Driver level matching is where we approximately match the amplitude of individual drivers so that when their outputs are combined they measure flat. We could, if we wanted to, allow the room correction step to correct for this but what your actually doing is shifting the target acoustic roll offs that you set when created the crossover. For example you created 2nd order rolloff but since the room correction step works on a unity style approach then when it sees a level mismatch and adjusts the responses for individual drivers so they follow the room correction target it actually not only adjusts the gain of a driver but also the rolloff of the adjacent driver. No longer do you have a correct acoustic rolloff.
Level matching before the room correction step allows for a situation where driver outputs are roughly equal and no wideband shifting of gain will occur. In a nutshell room correction is only intended to correct for the room and isn’t a substitute for proper level matching.
First thing to do is setup your mic at approximately 1m distance on axis with the tweeter. Your loudspeakers will be in position within the listening room. How many measurements you will need to take depends on the number of ‘ways’ your speaker is. For a 3-way you will need 5 measurements per speaker. For a 2-way, 3 measurements.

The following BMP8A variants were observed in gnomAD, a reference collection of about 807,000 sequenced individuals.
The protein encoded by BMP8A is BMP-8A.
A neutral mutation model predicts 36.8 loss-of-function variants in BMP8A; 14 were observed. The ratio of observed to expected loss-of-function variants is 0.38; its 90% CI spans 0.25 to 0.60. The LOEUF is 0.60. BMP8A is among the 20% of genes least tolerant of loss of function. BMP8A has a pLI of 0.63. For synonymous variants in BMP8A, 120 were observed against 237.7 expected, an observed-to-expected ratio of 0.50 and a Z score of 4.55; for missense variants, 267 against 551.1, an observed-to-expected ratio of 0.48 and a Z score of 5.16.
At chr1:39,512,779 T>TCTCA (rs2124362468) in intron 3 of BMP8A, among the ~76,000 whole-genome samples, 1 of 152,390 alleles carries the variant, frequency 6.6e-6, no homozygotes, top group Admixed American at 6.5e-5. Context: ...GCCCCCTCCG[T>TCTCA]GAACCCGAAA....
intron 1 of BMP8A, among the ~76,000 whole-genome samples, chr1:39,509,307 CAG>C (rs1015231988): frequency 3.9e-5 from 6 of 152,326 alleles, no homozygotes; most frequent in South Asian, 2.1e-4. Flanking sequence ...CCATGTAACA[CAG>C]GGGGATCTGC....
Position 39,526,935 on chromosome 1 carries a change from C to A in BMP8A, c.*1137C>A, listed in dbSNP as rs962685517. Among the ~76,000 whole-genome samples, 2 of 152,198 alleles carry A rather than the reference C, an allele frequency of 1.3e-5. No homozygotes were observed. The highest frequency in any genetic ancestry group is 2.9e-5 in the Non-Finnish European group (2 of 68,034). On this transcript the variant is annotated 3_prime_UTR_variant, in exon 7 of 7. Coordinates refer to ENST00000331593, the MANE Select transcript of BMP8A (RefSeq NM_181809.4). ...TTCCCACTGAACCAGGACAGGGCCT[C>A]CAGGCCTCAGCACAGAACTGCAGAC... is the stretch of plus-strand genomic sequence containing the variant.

!IMPORTANT! For this method to work correctly do not move the mic position and any gains through the recording section should be set and then left alone ie. mic preamps, channel level for mic and recording level. We’re relying on relative measurements here so this is very important for best results.
OK I’m going to detail level matching 2 drivers in a 3-way – the midrange and tweeter. If you have more drivers that need matching then simply extend the process. An important note is to work from the top down and by that I mean start with the tweeter to midrange matching and then after those are matched move on to midrange and bass. If you find that you have to adjust gain on the midrange when comparing to bass AFTER you’ve level matched it to the tweeter then that gain reduction needs to be applied to the tweeter as well to maintain correct results.
You will now perform a series of logsweep so create a 50hz-15Khz logsweep within Acourate. Also be sure you’ve loaded your linearised filters for the loudspeaker about to be measured, into the convolution engine along with the time alignment figures we worked out. After this do the following:
Perform logsweep for tweeter(all other drivers off)
Perform logsweep for midrange
Perform logsweep for midrange and tweeter combined (optional but very useful)
Save the results of each.
Now within Acourate do logsweep convolution for the tweeter measurement then cutnwindow to get the pulse: